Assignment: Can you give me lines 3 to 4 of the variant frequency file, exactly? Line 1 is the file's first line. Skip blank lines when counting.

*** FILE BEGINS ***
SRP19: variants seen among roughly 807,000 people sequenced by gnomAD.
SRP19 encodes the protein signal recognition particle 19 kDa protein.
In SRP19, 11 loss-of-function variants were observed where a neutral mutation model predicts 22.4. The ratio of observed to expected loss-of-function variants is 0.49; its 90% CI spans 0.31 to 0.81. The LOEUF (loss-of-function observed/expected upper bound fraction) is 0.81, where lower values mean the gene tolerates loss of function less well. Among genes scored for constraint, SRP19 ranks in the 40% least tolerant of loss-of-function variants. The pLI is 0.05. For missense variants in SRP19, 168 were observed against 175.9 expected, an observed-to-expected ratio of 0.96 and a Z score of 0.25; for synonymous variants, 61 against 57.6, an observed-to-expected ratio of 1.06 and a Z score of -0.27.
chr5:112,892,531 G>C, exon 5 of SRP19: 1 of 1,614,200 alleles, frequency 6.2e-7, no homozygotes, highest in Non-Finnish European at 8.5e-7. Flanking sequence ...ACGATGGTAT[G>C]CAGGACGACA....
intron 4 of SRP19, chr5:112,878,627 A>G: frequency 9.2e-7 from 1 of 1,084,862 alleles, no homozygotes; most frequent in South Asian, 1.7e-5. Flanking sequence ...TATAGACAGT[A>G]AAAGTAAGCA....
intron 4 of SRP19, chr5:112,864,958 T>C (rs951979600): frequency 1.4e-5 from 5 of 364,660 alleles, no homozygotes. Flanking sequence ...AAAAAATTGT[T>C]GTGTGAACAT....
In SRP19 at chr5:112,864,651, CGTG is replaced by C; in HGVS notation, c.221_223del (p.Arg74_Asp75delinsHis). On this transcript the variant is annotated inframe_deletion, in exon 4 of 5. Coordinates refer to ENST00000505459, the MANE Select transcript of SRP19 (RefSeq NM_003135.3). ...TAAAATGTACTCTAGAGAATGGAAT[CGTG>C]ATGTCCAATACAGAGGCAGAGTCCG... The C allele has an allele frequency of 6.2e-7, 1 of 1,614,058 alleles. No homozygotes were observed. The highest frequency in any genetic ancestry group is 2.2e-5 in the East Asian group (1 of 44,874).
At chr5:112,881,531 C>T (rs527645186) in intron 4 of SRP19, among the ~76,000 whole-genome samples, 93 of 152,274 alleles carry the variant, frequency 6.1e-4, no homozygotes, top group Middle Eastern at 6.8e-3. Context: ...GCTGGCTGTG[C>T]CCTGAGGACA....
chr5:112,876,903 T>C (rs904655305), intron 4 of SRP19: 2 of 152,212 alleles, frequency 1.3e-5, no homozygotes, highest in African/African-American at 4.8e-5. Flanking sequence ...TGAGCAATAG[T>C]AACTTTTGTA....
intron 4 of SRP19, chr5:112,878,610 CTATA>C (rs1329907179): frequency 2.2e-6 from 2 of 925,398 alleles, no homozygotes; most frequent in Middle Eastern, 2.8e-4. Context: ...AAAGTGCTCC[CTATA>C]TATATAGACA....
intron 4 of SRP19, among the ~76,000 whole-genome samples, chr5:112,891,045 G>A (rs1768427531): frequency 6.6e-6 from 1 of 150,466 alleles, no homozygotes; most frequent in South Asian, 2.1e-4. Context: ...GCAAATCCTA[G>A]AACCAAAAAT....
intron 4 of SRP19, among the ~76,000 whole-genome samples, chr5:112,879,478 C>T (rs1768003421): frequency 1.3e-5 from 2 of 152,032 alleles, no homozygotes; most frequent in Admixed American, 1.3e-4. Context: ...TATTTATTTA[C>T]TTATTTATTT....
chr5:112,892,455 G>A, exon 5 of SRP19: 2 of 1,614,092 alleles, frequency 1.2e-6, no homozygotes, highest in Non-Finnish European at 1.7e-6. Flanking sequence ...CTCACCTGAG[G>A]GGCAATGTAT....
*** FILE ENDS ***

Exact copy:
In SRP19, 11 loss-of-function variants were observed where a neutral mutation model predicts 22.4. The ratio of observed to expected loss-of-function variants is 0.49; its 90% CI spans 0.31 to 0.81. The LOEUF (loss-of-function observed/expected upper bound fraction) is 0.81, where lower values mean the gene tolerates loss of function less well. Among genes scored for constraint, SRP19 ranks in the 40% least tolerant of loss-of-function variants. The pLI is 0.05. For missense variants in SRP19, 168 were observed against 175.9 expected, an observed-to-expected ratio of 0.96 and a Z score of 0.25; for synonymous variants, 61 against 57.6, an observed-to-expected ratio of 1.06 and a Z score of -0.27.
chr5:112,892,531 G>C, exon 5 of SRP19: 1 of 1,614,200 alleles, frequency 6.2e-7, no homozygotes, highest in Non-Finnish European at 8.5e-7. Flanking sequence ...ACGATGGTAT[G>C]CAGGACGACA....